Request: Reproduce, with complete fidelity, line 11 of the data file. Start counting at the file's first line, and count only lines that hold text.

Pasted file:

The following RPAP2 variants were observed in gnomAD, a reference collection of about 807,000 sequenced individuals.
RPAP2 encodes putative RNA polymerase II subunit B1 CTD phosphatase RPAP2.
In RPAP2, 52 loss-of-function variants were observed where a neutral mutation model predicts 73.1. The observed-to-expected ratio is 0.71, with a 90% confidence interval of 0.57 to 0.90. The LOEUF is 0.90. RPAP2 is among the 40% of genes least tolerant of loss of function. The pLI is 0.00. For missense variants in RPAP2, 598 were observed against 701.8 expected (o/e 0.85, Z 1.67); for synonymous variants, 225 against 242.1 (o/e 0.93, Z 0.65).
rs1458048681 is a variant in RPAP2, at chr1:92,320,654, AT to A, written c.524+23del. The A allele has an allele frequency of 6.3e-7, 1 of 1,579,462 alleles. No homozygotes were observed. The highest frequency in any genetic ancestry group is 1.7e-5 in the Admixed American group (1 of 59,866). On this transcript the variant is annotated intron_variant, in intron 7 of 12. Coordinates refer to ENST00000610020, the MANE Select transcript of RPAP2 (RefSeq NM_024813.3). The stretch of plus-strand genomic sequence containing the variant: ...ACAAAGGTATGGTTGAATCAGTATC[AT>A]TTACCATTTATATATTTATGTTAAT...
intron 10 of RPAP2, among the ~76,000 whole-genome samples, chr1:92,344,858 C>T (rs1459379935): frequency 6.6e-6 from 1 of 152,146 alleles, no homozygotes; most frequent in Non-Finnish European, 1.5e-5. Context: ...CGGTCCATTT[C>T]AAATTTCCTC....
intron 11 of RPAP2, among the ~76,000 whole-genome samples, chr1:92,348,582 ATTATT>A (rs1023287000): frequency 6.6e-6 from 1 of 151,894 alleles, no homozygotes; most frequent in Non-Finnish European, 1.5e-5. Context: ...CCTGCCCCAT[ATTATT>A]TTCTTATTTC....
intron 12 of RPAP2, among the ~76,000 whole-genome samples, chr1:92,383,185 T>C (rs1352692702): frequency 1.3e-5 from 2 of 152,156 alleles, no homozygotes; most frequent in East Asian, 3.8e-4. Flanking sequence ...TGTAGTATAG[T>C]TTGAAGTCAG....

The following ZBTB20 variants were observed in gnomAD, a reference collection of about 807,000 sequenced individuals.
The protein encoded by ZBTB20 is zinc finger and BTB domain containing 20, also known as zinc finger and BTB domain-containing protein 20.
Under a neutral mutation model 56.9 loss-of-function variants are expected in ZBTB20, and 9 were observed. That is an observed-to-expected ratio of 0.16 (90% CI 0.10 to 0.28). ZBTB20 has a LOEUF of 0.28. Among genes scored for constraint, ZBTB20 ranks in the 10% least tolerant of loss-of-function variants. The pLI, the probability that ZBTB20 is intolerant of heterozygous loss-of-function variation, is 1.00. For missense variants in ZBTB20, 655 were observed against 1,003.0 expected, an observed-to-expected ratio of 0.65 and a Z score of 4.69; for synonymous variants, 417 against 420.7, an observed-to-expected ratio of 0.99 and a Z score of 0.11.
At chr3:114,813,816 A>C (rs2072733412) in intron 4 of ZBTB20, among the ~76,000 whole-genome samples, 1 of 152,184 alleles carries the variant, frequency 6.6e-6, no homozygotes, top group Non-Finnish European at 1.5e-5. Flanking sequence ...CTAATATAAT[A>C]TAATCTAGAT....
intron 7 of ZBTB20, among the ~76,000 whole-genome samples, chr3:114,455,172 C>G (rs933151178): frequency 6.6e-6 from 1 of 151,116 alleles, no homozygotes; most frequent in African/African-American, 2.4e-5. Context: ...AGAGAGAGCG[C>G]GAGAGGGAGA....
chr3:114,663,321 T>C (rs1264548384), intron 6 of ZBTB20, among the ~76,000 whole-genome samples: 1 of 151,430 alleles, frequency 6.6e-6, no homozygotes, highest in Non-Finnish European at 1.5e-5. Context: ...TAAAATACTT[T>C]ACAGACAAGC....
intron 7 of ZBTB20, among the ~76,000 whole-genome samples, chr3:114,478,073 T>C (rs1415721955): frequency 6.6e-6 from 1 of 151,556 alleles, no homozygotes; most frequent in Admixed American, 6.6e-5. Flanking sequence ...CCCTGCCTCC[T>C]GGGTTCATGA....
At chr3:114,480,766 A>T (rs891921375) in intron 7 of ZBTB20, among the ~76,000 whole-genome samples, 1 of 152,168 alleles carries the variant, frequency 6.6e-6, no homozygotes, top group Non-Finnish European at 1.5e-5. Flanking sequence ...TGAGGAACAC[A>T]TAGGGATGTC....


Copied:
At chr3:114,813,816 A>C (rs2072733412) in intron 4 of ZBTB20, among the ~76,000 whole-genome samples, 1 of 152,184 alleles carries the variant, frequency 6.6e-6, no homozygotes, top group Non-Finnish European at 1.5e-5. Flanking sequence ...CTAATATAAT[A>C]TAATCTAGAT....